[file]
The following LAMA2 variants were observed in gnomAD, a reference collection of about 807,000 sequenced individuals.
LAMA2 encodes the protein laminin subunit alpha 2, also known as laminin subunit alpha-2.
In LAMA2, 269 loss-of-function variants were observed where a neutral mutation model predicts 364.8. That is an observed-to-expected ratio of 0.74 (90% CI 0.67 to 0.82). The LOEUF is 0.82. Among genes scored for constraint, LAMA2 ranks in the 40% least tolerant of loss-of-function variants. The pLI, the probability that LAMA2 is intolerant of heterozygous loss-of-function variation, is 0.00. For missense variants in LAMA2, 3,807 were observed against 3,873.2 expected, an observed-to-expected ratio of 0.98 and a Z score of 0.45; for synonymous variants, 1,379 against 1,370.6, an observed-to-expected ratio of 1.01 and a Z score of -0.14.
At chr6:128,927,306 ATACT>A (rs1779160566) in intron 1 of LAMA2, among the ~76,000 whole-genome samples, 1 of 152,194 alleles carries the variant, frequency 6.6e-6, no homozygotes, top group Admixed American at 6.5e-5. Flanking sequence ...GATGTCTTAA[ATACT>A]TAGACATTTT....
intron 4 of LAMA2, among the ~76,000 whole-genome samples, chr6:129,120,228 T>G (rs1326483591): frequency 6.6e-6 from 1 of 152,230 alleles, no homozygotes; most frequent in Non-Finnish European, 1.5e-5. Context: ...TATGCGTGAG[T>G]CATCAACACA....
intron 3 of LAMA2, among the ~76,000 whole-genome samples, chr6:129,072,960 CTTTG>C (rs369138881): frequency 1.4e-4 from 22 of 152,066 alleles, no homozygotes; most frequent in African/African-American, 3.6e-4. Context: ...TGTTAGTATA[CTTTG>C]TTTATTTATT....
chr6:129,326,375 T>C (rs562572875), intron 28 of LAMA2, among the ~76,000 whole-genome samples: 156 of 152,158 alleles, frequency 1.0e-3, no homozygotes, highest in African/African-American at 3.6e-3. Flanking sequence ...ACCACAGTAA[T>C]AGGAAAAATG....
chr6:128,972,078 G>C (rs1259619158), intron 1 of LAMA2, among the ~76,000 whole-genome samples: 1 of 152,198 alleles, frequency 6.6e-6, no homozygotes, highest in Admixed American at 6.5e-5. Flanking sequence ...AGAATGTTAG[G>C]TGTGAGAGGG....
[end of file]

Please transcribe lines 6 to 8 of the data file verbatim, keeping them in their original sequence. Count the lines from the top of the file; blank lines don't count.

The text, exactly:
intron 3 of LAMA2, among the ~76,000 whole-genome samples, chr6:129,072,960 CTTTG>C (rs369138881): frequency 1.4e-4 from 22 of 152,066 alleles, no homozygotes; most frequent in African/African-American, 3.6e-4. Context: ...TGTTAGTATA[CTTTG>C]TTTATTTATT....
chr6:129,326,375 T>C (rs562572875), intron 28 of LAMA2, among the ~76,000 whole-genome samples: 156 of 152,158 alleles, frequency 1.0e-3, no homozygotes, highest in African/African-American at 3.6e-3. Flanking sequence ...ACCACAGTAA[T>C]AGGAAAAATG....
chr6:128,972,078 G>C (rs1259619158), intron 1 of LAMA2, among the ~76,000 whole-genome samples: 1 of 152,198 alleles, frequency 6.6e-6, no homozygotes, highest in Admixed American at 6.5e-5. Flanking sequence ...AGAATGTTAG[G>C]TGTGAGAGGG....